NEW YORK // Egypt's population will more than triple to 291 million by the end of this century if fertility rates remain at their current elevated levels, according to a UN report on demographic trends.
The United Nations says the world population is expected to hit seven billion later this year and could become unsustainably high at 14 billion by 2100 unless developing countries bring birth rates under control.
It warns of big potential population increases in Egypt and Yemen, two countries struck by unrest linked to high youth unemployment, food prices and a desire for more political freedoms.
If the average Egyptian woman continues having 2.9 children, the population will grow from 84.5m last year to 291m in 2100. If Yemen's fertility rate remains stable at 5.3, a resource-poor nation could witness 18-fold growth from 24.3 million last year to 434 million people at the end of the century.
"Egypt has seen a decline in fertility but still has a moderately high fertility rate," said Hania Zlotnik, the director of the UN Population Division, which compiled the 30-page report.
"If Egypt does not continue to reduce fertility rates, they will have a huge problem because it is the most populous country in that region, with economic problems and questions about feeding, educating and finding jobs for its population."
Uncontrolled population growth is not a problem across the whole region. The UAE, for example, will only see a little over a doubling of its population from 4.7m last year to 10.3m at the end of the century if fertility rates remain stable.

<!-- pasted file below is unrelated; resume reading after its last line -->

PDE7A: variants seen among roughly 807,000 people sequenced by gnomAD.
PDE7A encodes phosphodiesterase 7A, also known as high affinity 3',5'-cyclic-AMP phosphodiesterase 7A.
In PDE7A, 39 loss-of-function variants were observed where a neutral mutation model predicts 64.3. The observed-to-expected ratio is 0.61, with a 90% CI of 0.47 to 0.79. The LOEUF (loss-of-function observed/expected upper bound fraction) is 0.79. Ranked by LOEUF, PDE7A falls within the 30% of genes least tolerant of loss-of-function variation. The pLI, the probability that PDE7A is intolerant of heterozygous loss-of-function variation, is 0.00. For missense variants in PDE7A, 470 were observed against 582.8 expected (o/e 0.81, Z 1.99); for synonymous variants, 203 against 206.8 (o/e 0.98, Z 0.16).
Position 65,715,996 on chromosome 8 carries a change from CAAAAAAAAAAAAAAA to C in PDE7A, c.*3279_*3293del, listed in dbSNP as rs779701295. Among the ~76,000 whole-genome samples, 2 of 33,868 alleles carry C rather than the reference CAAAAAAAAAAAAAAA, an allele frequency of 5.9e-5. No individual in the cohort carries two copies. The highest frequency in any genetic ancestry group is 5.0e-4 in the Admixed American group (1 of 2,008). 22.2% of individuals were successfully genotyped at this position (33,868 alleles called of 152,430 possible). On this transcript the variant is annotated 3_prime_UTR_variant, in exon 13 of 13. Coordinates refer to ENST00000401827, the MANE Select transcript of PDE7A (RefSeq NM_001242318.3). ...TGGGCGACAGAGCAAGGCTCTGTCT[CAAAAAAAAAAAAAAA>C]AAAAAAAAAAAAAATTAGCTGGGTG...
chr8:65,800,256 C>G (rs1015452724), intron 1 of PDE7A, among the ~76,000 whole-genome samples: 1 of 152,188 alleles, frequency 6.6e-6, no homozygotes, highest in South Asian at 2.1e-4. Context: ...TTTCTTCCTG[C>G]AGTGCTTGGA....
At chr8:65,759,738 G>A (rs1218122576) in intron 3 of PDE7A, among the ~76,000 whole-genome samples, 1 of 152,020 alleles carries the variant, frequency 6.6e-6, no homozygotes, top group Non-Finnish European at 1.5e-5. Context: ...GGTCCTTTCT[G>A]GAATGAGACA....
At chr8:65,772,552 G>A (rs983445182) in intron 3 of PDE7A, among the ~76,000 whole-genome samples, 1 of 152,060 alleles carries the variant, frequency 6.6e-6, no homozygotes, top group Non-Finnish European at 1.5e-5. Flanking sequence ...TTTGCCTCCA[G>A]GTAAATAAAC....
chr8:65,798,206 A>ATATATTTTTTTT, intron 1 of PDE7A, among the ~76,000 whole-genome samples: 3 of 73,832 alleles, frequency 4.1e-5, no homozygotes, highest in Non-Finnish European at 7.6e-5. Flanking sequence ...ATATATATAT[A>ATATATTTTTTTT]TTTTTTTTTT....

Ms Zlotnik's UN division produced six projections of potential future population trends based on different changes to fertility rates and other factors. In the medium scenario, world population peaks at 9.4 billion in 2070 and then starts to decline.
But she says there are no guarantees that the world population will stabilise, because not all countries with medium and high fertility rates are doing enough to bring population growth under control.
While governments would be wise to track their population trends, they are not the direct cause of political upheavals of the kind that have recently rocked Egypt, Yemen and Jordan, Ms Zlotnik said. Latin American countries have comparably high fertility rates and young populations but are not having similar turmoil.
"What's happening in the Middle East is a political and a social problem," she said. "Of course, you have to have people to have social and political problems, but it's not a question of numbers alone."
Tunisia, where demonstrations led to the ousting of president Zine El Abidine Ben Ali last month, was the "poster child" of North African population analysts, a low-income country with low fertility rates, she said.
Tunisia's population of 10.4m last year will grow to only 11.3m by the end of the century if it maintains its current fertility rate, and could even see a drop in total numbers.